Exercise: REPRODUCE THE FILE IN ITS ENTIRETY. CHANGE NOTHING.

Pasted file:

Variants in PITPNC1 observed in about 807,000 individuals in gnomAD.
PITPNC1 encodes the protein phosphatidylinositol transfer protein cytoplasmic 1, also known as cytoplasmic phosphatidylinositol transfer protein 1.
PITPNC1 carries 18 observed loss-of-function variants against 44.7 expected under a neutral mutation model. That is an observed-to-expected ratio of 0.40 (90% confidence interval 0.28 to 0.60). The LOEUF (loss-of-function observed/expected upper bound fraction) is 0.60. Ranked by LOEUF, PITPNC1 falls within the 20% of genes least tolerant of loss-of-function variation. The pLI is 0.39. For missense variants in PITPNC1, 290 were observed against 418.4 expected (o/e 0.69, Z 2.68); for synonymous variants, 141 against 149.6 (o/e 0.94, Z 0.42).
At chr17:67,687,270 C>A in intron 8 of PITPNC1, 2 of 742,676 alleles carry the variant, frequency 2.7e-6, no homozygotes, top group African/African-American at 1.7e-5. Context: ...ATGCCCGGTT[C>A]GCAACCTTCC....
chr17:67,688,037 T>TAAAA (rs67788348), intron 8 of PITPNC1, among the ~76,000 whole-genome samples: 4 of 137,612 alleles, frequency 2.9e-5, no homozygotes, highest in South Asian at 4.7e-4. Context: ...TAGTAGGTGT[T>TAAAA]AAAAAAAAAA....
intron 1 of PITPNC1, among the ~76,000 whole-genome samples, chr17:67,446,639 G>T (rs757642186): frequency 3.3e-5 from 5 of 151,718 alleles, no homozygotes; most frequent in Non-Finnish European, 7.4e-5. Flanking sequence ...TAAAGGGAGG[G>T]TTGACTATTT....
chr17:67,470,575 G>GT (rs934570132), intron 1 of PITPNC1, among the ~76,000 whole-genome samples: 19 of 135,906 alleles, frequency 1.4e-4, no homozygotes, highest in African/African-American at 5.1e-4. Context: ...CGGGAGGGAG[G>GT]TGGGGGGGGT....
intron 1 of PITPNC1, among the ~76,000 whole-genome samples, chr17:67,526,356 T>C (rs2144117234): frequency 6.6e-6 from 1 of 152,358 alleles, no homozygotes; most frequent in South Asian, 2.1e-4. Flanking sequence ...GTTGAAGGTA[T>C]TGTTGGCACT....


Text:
Variants in PITPNC1 observed in about 807,000 individuals in gnomAD.
PITPNC1 encodes the protein phosphatidylinositol transfer protein cytoplasmic 1, also known as cytoplasmic phosphatidylinositol transfer protein 1.
PITPNC1 carries 18 observed loss-of-function variants against 44.7 expected under a neutral mutation model. That is an observed-to-expected ratio of 0.40 (90% confidence interval 0.28 to 0.60). The LOEUF (loss-of-function observed/expected upper bound fraction) is 0.60. Ranked by LOEUF, PITPNC1 falls within the 20% of genes least tolerant of loss-of-function variation. The pLI is 0.39. For missense variants in PITPNC1, 290 were observed against 418.4 expected (o/e 0.69, Z 2.68); for synonymous variants, 141 against 149.6 (o/e 0.94, Z 0.42).
At chr17:67,687,270 C>A in intron 8 of PITPNC1, 2 of 742,676 alleles carry the variant, frequency 2.7e-6, no homozygotes, top group African/African-American at 1.7e-5. Context: ...ATGCCCGGTT[C>A]GCAACCTTCC....
chr17:67,688,037 T>TAAAA (rs67788348), intron 8 of PITPNC1, among the ~76,000 whole-genome samples: 4 of 137,612 alleles, frequency 2.9e-5, no homozygotes, highest in South Asian at 4.7e-4. Context: ...TAGTAGGTGT[T>TAAAA]AAAAAAAAAA....
intron 1 of PITPNC1, among the ~76,000 whole-genome samples, chr17:67,446,639 G>T (rs757642186): frequency 3.3e-5 from 5 of 151,718 alleles, no homozygotes; most frequent in Non-Finnish European, 7.4e-5. Flanking sequence ...TAAAGGGAGG[G>T]TTGACTATTT....
chr17:67,470,575 G>GT (rs934570132), intron 1 of PITPNC1, among the ~76,000 whole-genome samples: 19 of 135,906 alleles, frequency 1.4e-4, no homozygotes, highest in African/African-American at 5.1e-4. Context: ...CGGGAGGGAG[G>GT]TGGGGGGGGT....
intron 1 of PITPNC1, among the ~76,000 whole-genome samples, chr17:67,526,356 T>C (rs2144117234): frequency 6.6e-6 from 1 of 152,358 alleles, no homozygotes; most frequent in South Asian, 2.1e-4. Flanking sequence ...GTTGAAGGTA[T>C]TGTTGGCACT....